I believe I am on a similar journey as a second-career teacher, with significantly less time in the classroom as my primary challenge. My version of a central thesis replaces ‘history’ with ‘mathematics’ albeit the history of teaching mathematics plays a central role in the thesis. I hope to pursue my PhD soon in pursuit of the answer to this question.
“…what does the teaching of mathematics then and now have to do with how tax-supported public schools function in a democracy.”
I have been writing about school reform, technology, and the history of teaching for nearly four decades. I have found the act of writing satisfying but never easy. A few nights ago something happened that puzzled and exhilarated me. It was not the first time that what I experienced at 3:30AM occurred. And it probably won’t be the last.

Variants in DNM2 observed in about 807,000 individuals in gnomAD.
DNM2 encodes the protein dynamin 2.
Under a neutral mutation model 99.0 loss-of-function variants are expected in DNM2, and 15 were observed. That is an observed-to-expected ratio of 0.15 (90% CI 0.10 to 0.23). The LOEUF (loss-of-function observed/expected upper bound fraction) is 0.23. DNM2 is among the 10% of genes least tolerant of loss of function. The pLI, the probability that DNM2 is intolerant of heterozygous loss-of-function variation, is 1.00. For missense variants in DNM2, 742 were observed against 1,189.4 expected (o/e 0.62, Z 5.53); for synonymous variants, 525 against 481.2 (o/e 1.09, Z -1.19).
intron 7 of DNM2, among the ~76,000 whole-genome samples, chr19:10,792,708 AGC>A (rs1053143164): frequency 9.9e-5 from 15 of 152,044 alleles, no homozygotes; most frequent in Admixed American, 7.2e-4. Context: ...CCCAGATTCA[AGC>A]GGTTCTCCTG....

I am in the midst of finishing a first draft of a book called “Teaching History Then and Now.” It is about my teaching history at two urban high schools in the 1950s through 1960s. I reconstruct what history I taught and how I taught it. Then I push the fast-forward button and return to those very same high schools and describe the seven teachers I observed teaching history in 2013-2014. In my blog, I have tried out early drafts describing some of the classes I saw (here and here
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